Overseas Development Aid.

Charlie O'Connor

Question:

253 Mr. O’Connor asked the Minister for Foreign Affairs if he will report on his recent meeting with the Minister for Finance of Lesotho; the plans for further aid to the country; and if he will make a statement on the matter. [28746/04]

Lesotho is the longest established of Development Co-operation Ireland's bilateral country programmes. As in other countries where Ireland operates a bilateral programme, the primary focus of our development efforts in Lesotho is on improving services which directly benefit the poor — basic education, primary health care, HIV/AIDS, rural access, rural water and sanitation. We are also engaged in strengthening the quality of governance in Lesotho and in supporting the public sector reform programme. A recent external evaluation of the country programme highlighted the positive impact that support from Development Co-operation Ireland has had in Lesotho.

Development Co-operation Ireland works in close partnership with government ministries and civil society organisations in the implementation of the Lesotho country programme. The Ministry of Finance and Development Planning is a key partner ministry. The Minister for Finance and Development Planning, Dr. Tim Thahane, visited Ireland on 7 to 9 October 2004. My meeting with him on 7 October provided an opportunity for an exchange of views on a range of issues central to our development partnership. In particular, we discussed our future support for Lesotho's reform and modernisation programme and considered how best Ireland can help the government to lead a comprehensive response to the HIV/AIDS crisis which is causing such suffering in Lesotho.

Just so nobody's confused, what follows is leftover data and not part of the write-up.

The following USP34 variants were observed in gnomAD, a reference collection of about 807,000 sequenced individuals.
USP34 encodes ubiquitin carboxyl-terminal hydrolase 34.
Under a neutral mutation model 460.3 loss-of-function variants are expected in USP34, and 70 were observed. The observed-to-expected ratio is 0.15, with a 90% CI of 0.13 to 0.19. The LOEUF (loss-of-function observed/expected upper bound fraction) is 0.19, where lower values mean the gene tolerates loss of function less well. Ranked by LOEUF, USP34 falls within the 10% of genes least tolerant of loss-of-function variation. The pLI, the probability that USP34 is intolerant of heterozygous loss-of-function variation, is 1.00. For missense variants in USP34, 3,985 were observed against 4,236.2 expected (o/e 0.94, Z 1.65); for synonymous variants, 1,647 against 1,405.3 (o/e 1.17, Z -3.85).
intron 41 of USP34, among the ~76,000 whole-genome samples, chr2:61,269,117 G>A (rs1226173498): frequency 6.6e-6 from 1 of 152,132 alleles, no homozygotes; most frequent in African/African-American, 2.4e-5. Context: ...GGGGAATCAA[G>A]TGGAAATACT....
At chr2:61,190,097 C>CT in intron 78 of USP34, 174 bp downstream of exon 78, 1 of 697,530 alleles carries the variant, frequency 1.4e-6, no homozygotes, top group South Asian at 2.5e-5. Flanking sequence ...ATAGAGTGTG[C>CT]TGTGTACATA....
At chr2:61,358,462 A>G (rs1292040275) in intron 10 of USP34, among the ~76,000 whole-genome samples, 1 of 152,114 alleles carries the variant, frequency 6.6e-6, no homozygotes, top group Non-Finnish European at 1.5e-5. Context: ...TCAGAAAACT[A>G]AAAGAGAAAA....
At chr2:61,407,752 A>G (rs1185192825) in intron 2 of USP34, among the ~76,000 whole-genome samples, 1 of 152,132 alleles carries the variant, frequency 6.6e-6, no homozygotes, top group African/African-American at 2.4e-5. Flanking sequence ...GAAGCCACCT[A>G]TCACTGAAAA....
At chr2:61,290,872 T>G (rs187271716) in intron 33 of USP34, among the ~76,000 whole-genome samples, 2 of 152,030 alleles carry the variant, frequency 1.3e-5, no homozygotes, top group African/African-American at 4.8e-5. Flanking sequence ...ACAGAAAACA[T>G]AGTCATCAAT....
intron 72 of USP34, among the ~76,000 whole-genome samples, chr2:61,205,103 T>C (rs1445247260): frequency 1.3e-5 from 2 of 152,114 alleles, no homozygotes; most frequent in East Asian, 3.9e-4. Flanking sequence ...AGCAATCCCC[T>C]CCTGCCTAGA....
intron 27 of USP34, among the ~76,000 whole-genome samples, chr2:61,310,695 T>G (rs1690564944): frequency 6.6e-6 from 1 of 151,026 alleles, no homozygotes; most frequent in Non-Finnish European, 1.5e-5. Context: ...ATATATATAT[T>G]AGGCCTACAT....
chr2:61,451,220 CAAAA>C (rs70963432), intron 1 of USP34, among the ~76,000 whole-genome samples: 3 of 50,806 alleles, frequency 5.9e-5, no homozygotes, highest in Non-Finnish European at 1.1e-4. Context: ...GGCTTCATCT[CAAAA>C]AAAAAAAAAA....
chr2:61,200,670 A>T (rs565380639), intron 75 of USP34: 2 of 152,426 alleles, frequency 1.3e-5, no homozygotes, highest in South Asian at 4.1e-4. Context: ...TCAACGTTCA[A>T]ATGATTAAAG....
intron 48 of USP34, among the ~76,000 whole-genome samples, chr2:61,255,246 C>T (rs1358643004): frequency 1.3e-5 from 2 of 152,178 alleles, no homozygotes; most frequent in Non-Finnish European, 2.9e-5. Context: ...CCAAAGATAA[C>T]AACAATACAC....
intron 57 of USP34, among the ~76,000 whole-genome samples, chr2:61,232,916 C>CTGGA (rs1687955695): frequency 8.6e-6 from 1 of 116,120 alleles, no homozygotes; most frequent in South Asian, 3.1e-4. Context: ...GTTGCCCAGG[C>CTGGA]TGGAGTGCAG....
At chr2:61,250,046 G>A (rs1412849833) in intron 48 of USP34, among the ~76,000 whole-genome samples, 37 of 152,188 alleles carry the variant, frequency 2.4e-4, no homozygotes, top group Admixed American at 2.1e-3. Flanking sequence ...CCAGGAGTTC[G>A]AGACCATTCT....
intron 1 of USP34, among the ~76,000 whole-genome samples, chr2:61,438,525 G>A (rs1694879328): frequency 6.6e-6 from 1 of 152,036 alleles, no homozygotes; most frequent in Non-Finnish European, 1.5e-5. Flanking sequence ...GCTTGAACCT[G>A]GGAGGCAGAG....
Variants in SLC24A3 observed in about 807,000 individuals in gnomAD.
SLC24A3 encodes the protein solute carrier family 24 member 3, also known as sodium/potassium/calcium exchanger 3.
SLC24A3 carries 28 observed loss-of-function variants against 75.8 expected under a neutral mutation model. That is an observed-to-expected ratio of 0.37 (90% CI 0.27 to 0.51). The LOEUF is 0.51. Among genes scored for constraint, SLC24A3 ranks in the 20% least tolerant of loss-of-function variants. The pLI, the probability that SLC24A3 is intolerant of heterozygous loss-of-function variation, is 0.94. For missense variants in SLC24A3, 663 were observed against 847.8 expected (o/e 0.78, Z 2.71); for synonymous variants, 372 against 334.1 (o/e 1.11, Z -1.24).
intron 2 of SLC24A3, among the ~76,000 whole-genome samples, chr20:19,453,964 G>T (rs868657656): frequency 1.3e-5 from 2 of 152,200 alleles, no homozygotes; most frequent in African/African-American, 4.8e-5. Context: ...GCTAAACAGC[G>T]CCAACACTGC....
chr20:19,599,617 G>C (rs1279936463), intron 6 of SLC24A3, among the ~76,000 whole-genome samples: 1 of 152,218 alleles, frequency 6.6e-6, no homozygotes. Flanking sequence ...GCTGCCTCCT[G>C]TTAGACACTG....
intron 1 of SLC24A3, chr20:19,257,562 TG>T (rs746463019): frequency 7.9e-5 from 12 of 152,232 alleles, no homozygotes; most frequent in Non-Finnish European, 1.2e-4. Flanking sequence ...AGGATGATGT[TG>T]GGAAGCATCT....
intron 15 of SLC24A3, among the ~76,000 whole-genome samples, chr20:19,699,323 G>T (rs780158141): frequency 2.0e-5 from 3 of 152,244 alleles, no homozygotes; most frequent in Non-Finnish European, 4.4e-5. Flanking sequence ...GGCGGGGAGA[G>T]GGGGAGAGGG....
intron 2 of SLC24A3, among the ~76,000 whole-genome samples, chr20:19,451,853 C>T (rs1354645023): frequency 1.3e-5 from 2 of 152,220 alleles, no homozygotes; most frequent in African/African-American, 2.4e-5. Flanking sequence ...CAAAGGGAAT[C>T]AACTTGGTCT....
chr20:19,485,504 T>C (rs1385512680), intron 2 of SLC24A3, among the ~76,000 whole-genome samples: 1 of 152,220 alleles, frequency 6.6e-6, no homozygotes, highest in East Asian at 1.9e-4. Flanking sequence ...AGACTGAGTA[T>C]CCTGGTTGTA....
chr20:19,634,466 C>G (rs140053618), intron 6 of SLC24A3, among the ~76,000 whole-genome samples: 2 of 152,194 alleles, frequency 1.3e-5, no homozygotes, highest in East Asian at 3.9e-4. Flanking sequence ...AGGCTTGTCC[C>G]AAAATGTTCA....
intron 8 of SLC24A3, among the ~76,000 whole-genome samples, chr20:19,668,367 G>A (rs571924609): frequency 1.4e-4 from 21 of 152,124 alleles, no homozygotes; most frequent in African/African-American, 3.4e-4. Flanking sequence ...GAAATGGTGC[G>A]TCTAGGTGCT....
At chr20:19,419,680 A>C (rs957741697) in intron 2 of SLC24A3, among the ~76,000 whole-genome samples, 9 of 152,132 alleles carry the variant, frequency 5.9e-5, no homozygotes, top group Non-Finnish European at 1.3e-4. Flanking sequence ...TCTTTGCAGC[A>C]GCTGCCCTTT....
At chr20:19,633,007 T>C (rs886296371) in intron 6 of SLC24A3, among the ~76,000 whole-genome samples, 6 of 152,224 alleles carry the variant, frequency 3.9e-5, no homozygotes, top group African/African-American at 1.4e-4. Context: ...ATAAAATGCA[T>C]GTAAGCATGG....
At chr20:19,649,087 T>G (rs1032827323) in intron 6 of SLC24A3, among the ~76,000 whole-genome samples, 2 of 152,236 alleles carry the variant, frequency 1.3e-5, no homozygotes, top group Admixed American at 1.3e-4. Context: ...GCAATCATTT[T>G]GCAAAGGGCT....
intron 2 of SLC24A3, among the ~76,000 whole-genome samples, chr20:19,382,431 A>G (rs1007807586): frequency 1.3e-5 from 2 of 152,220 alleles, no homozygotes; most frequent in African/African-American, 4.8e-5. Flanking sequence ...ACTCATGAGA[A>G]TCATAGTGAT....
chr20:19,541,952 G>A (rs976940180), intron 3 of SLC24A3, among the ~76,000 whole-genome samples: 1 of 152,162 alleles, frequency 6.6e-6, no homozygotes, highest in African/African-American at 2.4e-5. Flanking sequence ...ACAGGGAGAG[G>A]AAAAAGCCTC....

Dr. Thahane used his visit to explore Ireland's recent economic success and examine the possible lessons for a small country like Lesotho seeking to make itself more attractive to international business as a target for foreign direct investment. Meetings were held with the IDA, Enterprise Ireland, IBEC and the International Financial Services Centre. The Minister, Dr. Thahane, also met the Dáil Committee of Public Accounts and discussed the potential for closer contact between it and its counterpart in Lesotho. The visit enhanced the good relations which exist between our two countries and built on the successful visit to Lesotho by a delegation from the Oireachtas at the end of last year.

Foreign Conflicts.

Charlie O'Connor

Question:

254 Mr. O’Connor asked the Minister for Foreign Affairs if he is monitoring the developing crisis in Palestine; the contacts with interested parties; and if he will make a statement on the matter. [28747/04]